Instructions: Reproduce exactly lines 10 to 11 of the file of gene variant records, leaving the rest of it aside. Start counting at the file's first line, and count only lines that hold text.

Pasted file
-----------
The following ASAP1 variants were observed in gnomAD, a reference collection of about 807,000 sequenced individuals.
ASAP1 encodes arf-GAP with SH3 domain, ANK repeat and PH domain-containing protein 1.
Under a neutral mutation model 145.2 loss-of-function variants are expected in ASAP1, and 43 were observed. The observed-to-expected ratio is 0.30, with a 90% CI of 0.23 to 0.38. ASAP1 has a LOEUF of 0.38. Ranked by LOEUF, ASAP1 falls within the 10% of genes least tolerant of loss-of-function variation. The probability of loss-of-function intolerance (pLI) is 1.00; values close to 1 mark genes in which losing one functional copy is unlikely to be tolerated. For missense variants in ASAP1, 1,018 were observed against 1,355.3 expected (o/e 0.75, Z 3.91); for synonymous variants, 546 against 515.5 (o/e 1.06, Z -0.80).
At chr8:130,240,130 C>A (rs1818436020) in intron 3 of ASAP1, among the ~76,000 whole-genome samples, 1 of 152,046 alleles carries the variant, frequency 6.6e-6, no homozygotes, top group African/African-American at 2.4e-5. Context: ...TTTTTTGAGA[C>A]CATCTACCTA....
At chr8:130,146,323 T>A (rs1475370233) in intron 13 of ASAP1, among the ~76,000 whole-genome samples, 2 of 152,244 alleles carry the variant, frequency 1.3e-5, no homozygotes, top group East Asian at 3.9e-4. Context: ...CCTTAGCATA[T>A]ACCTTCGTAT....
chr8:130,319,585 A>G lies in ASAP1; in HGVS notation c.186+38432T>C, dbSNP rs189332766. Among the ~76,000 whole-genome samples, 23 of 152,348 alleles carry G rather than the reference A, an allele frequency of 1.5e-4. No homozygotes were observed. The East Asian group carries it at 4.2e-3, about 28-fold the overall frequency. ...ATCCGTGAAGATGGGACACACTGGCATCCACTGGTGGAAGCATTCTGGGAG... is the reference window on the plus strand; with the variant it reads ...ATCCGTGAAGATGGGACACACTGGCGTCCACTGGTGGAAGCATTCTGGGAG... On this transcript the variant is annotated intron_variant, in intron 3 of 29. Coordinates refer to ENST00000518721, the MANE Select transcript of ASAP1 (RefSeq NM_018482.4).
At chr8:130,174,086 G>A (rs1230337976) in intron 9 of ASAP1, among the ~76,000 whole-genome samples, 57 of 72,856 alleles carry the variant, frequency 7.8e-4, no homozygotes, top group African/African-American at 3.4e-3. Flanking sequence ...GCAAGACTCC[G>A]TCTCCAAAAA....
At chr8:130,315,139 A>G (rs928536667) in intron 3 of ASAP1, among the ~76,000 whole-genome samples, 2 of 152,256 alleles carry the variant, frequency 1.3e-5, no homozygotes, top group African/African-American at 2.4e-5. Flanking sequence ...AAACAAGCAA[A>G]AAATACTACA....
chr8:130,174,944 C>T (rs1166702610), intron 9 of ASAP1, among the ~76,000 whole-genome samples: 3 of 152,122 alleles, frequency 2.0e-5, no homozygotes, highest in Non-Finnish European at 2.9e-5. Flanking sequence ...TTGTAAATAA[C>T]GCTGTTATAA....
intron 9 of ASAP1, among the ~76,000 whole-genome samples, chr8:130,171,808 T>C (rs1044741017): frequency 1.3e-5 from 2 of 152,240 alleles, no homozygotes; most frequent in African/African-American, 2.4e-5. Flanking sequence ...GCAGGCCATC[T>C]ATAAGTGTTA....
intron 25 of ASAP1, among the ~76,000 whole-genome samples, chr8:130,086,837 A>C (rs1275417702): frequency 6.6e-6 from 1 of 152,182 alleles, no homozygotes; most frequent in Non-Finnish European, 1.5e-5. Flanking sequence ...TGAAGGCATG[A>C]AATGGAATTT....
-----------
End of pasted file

intron 9 of ASAP1, among the ~76,000 whole-genome samples, chr8:130,171,808 T>C (rs1044741017): frequency 1.3e-5 from 2 of 152,240 alleles, no homozygotes; most frequent in African/African-American, 2.4e-5. Flanking sequence ...GCAGGCCATC[T>C]ATAAGTGTTA....
intron 25 of ASAP1, among the ~76,000 whole-genome samples, chr8:130,086,837 A>C (rs1275417702): frequency 6.6e-6 from 1 of 152,182 alleles, no homozygotes; most frequent in Non-Finnish European, 1.5e-5. Flanking sequence ...TGAAGGCATG[A>C]AATGGAATTT....